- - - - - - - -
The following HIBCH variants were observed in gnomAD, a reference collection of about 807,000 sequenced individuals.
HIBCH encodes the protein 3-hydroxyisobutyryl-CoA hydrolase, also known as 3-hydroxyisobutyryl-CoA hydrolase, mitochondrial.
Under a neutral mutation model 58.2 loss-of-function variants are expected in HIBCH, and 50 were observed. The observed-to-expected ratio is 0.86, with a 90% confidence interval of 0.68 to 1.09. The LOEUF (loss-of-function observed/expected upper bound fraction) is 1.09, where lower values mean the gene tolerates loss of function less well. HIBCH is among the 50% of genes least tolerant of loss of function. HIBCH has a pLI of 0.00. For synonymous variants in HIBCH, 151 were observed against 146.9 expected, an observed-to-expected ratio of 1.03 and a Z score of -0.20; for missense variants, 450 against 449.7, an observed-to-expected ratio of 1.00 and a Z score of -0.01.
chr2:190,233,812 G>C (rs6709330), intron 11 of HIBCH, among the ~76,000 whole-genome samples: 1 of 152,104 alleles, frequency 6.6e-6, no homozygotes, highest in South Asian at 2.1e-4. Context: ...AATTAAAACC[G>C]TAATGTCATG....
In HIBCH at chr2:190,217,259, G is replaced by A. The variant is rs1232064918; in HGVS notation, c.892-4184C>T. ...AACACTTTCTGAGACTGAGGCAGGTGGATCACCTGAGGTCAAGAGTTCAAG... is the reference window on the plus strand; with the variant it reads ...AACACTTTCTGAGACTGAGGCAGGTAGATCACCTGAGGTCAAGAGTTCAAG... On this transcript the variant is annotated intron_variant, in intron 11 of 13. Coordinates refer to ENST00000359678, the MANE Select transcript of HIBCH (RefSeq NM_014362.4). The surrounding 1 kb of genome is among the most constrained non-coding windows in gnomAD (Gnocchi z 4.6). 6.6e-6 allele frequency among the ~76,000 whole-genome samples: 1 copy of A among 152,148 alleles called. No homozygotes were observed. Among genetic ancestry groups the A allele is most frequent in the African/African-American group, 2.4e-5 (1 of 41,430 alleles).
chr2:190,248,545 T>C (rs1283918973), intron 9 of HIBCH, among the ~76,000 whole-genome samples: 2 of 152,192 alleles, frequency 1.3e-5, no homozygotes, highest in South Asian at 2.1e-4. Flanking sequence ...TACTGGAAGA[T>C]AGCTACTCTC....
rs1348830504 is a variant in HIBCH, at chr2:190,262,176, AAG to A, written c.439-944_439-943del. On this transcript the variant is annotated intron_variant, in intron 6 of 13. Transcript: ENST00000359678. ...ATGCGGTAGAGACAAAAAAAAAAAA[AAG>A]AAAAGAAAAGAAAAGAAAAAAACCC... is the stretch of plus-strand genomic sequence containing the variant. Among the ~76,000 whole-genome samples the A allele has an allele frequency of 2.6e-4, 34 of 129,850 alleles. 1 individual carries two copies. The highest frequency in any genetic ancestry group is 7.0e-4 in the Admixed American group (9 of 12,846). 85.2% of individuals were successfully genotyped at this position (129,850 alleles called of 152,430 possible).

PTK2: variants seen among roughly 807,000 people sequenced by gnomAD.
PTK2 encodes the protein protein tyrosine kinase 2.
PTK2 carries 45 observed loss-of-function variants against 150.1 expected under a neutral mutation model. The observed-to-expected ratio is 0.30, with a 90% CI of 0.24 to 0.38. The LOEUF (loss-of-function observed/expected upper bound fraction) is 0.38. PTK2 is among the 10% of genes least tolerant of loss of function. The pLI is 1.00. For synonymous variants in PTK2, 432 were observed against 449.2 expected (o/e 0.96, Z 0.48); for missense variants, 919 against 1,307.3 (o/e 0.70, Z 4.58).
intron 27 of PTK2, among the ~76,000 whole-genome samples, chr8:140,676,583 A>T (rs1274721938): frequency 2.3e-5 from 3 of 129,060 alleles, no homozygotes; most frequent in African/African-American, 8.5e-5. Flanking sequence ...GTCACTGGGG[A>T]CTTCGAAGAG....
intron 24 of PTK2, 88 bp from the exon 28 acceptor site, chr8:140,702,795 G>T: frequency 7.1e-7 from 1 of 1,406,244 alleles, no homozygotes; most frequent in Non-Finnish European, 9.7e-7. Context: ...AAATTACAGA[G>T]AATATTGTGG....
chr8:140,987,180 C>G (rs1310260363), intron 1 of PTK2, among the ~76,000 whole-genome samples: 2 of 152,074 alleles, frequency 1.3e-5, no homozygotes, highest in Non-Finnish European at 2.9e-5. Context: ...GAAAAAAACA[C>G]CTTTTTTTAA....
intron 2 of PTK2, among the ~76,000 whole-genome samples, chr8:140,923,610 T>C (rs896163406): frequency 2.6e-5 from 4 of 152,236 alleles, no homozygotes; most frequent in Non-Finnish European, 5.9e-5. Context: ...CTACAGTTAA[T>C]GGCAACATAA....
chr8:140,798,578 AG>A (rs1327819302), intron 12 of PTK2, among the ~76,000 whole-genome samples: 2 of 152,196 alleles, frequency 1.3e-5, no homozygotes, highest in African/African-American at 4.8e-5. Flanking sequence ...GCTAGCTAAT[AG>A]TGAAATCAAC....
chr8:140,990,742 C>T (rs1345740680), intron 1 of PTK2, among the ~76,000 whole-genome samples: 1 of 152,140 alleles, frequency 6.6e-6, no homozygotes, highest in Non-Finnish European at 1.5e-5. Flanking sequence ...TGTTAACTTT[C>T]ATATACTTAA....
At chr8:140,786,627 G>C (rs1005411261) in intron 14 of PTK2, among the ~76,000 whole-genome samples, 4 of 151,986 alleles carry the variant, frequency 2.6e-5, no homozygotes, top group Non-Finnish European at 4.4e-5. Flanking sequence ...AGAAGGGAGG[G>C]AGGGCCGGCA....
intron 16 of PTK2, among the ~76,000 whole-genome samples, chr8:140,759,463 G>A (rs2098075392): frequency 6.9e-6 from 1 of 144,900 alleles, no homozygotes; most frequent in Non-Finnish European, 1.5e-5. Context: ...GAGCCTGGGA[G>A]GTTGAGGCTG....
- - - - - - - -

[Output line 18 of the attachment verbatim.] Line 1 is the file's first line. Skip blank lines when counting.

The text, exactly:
intron 16 of PTK2, among the ~76,000 whole-genome samples, chr8:140,759,463 G>A (rs2098075392): frequency 6.9e-6 from 1 of 144,900 alleles, no homozygotes; most frequent in Non-Finnish European, 1.5e-5. Context: ...GAGCCTGGGA[G>A]GTTGAGGCTG....